The New York Attorney General’s Office launched an investigation against some of the largest private equity firms in the United States, in order to determine if they committed illegal tax strategies.

New York Attorney General

According to the report from the New York Times, New York Attorney General, Eric Schneiderman, issued a subpoena to twelve private equity firms, including Apollo Global Management (NYSE:APO), Bain Capital, Clayton, Crestview Partners, Dubilier & Rice, H.I.G. Capital,  Kohlberg Kravis Roberts & Company (NYSE:KKR), Silver Lake Partners, Sun Capital Partners, Vestar Capital Partners, and Providence Equity Partners.

The attorney general directed the equity firms to submit important documents to find out if there are evidences that certain management fees collected from investors were reported as investment funds to pay lower tax rate.

According to the report, some executives from the private equity firms suggests that Schneiderman’s investigation was connected with objective of the Obama administration to humiliate the industry because of Mitt Romney’s involvement with Bain Capital.

The Obama administration criticized Mitt Romney’s record at Bain Capital for dissolving companies and cutting jobs, while he accumulated millions of dollars in profits. Others believed the inquiry was part of the Taxpayer Protection Bureau of the Attorney General’s Office initiative to recover more revenue under the state law of New York.

Schneiderman is a democrat, and he was also appointed by Pres. Barack Obama as co-chairman of the mortgage fraud task force. One of the President’s priorities during his first term is to crack down on large-scale tax evasion during his first term in office.

According to the New York Times report, the subpoenas issued by the attorney general’s office came out prior to the leak of more than 950 pages of Bain Capital’s confidential financial documents published online by Gawker.com. Based on the documents, Bain Capital converted more than $1 billion in investors fees into investments, instead of reporting them as ordinary income. The strategy enabled Bain Capital to pay a lower rate of 15 percent instead of 35 percent, thus saving more than $200 million in federal taxes and $20 million in Medicare taxes.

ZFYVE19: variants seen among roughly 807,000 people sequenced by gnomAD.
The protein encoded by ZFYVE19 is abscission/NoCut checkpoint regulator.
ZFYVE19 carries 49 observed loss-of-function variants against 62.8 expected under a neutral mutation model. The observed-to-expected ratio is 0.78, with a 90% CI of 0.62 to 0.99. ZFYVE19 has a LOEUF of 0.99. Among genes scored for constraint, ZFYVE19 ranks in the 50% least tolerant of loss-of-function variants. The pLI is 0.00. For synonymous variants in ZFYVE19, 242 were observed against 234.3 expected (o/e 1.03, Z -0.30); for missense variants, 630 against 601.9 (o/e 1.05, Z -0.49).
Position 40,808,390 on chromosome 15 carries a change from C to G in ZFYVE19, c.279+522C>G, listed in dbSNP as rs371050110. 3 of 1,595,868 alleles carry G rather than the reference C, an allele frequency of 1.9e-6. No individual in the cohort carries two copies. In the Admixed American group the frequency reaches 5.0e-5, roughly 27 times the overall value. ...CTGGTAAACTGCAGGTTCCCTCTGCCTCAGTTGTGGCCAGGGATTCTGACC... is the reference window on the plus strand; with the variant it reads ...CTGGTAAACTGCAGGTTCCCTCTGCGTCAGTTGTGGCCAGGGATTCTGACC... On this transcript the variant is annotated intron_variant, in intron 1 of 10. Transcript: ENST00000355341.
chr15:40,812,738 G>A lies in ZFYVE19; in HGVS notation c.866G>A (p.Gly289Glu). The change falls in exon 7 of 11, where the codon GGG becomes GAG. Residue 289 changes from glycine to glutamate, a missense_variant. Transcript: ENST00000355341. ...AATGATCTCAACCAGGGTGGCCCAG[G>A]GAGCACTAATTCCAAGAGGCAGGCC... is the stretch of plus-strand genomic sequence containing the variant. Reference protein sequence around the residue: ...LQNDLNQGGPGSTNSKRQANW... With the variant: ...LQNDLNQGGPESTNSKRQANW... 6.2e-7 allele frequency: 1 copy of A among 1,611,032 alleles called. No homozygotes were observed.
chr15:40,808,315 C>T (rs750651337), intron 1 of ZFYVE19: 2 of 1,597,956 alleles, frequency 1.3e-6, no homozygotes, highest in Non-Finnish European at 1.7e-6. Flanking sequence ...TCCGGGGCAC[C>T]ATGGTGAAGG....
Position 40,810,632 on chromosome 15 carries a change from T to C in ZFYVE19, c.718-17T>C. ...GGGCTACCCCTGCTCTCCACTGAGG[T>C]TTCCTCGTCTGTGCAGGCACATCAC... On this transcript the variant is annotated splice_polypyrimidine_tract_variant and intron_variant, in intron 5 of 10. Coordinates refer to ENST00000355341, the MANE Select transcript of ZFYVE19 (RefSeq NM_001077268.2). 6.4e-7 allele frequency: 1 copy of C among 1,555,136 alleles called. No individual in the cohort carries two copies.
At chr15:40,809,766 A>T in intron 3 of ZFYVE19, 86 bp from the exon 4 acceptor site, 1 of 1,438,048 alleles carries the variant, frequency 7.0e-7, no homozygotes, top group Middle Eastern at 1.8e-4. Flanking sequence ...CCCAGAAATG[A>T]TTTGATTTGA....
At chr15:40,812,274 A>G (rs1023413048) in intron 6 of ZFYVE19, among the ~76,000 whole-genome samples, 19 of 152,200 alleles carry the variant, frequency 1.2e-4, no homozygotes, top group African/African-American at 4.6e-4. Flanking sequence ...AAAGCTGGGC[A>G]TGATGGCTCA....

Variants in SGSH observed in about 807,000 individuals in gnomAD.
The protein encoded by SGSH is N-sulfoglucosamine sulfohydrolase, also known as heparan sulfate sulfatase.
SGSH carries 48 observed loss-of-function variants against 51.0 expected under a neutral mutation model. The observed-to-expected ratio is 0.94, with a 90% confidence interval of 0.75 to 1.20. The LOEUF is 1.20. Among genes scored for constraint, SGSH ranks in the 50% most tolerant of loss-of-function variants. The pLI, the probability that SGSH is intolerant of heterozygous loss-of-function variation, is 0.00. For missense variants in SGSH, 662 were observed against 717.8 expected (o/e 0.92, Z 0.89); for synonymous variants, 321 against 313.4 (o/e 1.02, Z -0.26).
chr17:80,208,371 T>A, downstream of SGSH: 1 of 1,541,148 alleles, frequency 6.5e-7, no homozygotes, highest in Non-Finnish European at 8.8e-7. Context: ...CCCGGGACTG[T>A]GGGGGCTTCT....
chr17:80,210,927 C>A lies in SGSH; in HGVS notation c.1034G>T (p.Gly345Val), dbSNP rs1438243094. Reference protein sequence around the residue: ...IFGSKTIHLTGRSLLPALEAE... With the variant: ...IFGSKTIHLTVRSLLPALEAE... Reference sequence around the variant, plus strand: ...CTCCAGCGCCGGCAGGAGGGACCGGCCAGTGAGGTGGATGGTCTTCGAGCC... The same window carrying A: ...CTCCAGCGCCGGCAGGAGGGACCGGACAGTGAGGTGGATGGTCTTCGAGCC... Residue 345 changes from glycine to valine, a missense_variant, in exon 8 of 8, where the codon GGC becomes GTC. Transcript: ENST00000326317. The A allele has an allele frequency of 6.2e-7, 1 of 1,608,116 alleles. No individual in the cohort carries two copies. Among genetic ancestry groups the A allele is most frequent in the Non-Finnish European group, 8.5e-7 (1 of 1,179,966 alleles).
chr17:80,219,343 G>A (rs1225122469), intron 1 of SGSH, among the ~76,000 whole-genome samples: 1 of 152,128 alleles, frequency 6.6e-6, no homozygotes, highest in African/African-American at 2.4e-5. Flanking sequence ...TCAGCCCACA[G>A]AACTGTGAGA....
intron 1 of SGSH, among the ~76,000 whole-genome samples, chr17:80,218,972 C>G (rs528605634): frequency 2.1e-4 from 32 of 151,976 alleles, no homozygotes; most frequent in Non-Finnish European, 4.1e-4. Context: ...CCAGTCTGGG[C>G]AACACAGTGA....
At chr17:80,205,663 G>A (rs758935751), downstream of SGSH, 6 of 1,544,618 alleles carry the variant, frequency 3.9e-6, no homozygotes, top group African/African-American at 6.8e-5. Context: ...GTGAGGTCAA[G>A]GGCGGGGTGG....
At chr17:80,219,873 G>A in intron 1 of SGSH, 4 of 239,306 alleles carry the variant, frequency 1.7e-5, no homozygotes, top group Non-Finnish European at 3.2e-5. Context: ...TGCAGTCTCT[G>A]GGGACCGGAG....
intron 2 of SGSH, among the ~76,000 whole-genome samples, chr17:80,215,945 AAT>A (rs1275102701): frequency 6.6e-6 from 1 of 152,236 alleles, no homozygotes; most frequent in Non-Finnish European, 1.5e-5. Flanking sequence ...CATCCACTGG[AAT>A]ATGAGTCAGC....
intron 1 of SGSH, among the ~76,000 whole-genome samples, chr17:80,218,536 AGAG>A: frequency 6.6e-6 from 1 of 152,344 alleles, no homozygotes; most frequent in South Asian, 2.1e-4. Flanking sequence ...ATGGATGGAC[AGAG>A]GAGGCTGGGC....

Some tax experts believed the tax strategy also called “fee waivers” is legal, others described it as aggressive, and some opined that it is potentially illegal. An academic paper written by Gregg D, Polsky, of the University of North Carolina School of Law, noted that private equity firms regularly attempt to convert two percent of their fixed annual fees into deferred capital gains. According to him, the tax strategy is “extremely aggressive and subject to serious challenge by the IRS.”

A report from the Wall Street Journal cited that a person with knowledge about the investigation said the Attorney General’s Office was concerned about the practice of private equity firms in converting their management fees into investment producing capital gains, as a means to avoid paying proper taxes.

According to the Wall Street Journal, based on documents and filings, Apollo Global Management  (NYSE:APO) and Kohlberg Kravis Roberts & Company (NYSE:KKR) used the fee waiver as a tax strategy.

According to Steve Judge, president and chief executive officer of Private Equity Growth Capital Council, the fee waiver is legal. He said, “Management fee waivers are legal, widely recognized, and often part of negotiated agreements between the alternative investment community and investors.”

Jack Levin, a finance lawyer who represented Bain Capital on some other legal issues, also said the IRS was aware that private equity firms are practicing the fee waiver as a tax strategy for 20 years, and he does not consider the practice as risky or aggressive.

On the other hand, Blackstone Group LP (NYSE:BX), Carlyle Group (Nasdaq:CG), and Madison Dearborn Partners Llc are not using the fee waiver as a strategy in filing their taxes, because of its complexity and possible investigation.

A comment from Professor Ed Kleinbard from the USC Gould School of Law, and former chief of staff at the Congress Joint Committee on Taxation, was quoted by the WSJ that some firms “seemed to have interpreted the silence of the IRS as acquiescence, which is not correct, but the IRS failed to enforce the rules in this area.”

Kleinbard said, “Firms ended up taking positions that I think went beyond what the law permitted.But the IRS failed to do its job of litigating those issues. Had they done so, a lot of these structures, including possibly Bain’s, would have been disallowed.”

Citigroup Research notes:

Two interesting article tidbits — First, the article notes mixed Republican reaction relative to the Democratic-led NYAG, setting up for some battle lines on the topic perhaps. Second, and most interesting to us, the article affirms that there is no
difference in tax treatment in NY between capital gain and ordinary income treatment, suggesting no pick up in state tax receipts. Of course, the NYAG investigation could prompt other state attorney offices to follow suit, where tax treatment may be differentiated and thus subject to further review.
But sector may lag on the news — Like much of the SEC’s valuation inquiry. Citi suspects that the larger players may prove more immune to incremental risks.